That may be your view of science fiction, but it’s not Jayn’s or mine or that of many other folks. In fact, it’s debatable whether it was John W. Campbell’s view, though it is often attributed to him. After all, Campbell published plenty of stories that don’t match that stereotype. And, as P.J. Evans points out, he also demanded more characterisation than was common in US magazine science fiction up to that point.

    Also, if one’s view of science fiction is that ideas are more important than characters and if one associates this type of science fiction with John W. Campbell, rightly or wrongly, it is easy to understand why one might call that type of science fiction sterile.

  37. Ahrvid Engholm: BTW, my feelings have survived pretty unhurt. The core of this is something else

    So either you lied when you filed the CoC complaint, or you are lying now. Which is it?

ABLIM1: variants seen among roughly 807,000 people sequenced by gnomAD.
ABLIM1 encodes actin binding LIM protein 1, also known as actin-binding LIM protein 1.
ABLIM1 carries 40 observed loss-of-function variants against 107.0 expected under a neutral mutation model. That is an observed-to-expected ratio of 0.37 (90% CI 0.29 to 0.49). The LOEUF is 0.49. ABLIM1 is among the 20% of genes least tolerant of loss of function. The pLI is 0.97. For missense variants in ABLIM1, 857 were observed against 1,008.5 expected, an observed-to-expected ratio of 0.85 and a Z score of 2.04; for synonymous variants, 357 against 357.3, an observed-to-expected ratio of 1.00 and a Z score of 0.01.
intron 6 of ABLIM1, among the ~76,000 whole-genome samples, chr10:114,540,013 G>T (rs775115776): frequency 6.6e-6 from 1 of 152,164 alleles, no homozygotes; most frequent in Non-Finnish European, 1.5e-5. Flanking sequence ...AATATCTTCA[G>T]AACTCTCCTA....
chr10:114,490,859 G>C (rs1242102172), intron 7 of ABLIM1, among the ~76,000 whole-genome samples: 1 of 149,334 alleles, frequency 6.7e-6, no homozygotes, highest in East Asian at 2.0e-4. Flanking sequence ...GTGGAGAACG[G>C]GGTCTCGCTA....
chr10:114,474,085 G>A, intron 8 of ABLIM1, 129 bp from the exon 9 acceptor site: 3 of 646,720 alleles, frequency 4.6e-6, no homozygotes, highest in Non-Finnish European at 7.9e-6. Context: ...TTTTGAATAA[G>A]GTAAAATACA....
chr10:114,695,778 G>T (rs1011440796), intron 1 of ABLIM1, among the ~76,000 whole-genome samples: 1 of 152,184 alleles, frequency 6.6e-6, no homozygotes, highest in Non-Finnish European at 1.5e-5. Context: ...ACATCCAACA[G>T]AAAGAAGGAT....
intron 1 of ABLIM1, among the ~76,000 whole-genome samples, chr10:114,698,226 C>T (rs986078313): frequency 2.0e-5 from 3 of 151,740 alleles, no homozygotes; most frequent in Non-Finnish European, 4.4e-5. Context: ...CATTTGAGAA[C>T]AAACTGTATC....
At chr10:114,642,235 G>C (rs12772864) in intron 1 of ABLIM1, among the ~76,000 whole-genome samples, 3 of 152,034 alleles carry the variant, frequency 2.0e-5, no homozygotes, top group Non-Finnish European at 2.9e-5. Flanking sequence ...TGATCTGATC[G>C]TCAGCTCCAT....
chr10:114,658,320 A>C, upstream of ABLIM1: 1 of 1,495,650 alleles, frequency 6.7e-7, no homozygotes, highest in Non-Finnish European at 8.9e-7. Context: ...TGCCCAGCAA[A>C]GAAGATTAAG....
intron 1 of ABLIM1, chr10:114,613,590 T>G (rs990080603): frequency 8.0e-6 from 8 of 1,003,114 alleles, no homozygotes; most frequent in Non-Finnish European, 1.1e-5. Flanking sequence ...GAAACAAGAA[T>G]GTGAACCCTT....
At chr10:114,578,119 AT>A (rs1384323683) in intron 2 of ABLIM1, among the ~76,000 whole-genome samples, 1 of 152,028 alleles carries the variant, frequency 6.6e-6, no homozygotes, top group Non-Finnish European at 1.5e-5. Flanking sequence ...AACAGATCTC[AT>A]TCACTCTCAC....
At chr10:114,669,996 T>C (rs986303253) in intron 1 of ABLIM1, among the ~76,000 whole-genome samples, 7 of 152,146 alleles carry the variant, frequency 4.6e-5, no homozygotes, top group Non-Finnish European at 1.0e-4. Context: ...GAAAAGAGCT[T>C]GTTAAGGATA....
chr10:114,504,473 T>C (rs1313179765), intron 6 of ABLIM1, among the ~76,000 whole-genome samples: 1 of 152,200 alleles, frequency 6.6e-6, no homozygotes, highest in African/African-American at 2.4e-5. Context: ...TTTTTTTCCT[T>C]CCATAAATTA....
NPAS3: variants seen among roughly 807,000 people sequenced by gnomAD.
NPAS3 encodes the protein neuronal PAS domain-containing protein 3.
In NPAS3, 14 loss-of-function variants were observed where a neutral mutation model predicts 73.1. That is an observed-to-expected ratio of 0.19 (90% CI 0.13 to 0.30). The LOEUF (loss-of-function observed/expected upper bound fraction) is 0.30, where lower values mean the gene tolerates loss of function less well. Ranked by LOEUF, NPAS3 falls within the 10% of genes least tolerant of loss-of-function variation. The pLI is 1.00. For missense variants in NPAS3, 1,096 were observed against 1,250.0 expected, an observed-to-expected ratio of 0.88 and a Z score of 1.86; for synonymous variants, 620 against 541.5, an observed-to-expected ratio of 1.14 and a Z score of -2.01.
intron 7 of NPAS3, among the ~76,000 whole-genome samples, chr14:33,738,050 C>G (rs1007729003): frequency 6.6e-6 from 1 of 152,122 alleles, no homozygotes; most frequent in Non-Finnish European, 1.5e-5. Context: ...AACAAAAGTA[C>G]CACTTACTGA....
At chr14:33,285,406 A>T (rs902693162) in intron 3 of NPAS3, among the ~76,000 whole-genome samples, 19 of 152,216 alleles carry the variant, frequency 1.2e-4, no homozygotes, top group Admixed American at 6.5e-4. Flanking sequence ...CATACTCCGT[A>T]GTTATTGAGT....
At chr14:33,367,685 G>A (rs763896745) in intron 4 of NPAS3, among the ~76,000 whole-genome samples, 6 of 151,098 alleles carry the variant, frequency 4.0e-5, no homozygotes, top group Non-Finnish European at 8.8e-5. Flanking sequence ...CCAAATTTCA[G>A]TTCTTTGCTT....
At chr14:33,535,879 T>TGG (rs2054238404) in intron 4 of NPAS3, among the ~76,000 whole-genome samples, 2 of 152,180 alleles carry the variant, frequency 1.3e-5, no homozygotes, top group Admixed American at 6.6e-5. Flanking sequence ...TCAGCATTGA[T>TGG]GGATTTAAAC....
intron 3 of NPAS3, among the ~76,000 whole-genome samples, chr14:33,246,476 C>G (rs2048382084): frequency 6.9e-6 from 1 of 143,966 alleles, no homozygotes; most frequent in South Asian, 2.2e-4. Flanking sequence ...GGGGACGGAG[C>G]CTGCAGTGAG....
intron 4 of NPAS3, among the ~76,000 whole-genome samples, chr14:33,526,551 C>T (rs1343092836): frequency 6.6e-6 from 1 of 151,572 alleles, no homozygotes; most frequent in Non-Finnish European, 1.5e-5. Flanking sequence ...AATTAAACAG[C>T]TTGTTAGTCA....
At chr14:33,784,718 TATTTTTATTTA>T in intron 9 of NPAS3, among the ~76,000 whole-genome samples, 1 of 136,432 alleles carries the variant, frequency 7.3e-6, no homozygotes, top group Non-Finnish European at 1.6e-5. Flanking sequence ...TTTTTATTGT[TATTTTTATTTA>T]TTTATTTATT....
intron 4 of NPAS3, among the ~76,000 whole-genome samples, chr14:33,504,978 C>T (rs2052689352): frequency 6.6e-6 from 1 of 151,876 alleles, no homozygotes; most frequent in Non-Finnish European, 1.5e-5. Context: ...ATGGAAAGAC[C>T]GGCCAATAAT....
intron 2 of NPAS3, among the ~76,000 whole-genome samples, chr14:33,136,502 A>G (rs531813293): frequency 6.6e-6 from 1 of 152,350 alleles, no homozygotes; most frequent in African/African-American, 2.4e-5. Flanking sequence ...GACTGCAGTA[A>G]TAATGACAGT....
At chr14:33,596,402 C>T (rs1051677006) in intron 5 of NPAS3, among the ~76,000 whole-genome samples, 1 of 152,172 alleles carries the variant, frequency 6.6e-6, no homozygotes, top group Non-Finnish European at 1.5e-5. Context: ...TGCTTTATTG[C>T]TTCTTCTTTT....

Never mind, I don’t need an answer to that. It’s enough that you’ve openly admitted that you’ve lied and that nothing you say can be trusted to be true.

    Your pretense that the racist and fascist behaviors of JWC are “fantasized” is eyerollingly-bad. Like most of the people here, I’m intelligent and perfectly-capable of recognizing racism and fascism when I see it — and no matter how many times you deny it, it doesn’t change those behaviors into something benign.

    And your unbelievably sexist denigration of women is just pathetically sad. You obviously have no idea just how many of the regular commenters here are women scientists, engineers, and computer experts (here’s a hint: they probably outnumber the male scientists, engineers, and computer experts who comment here).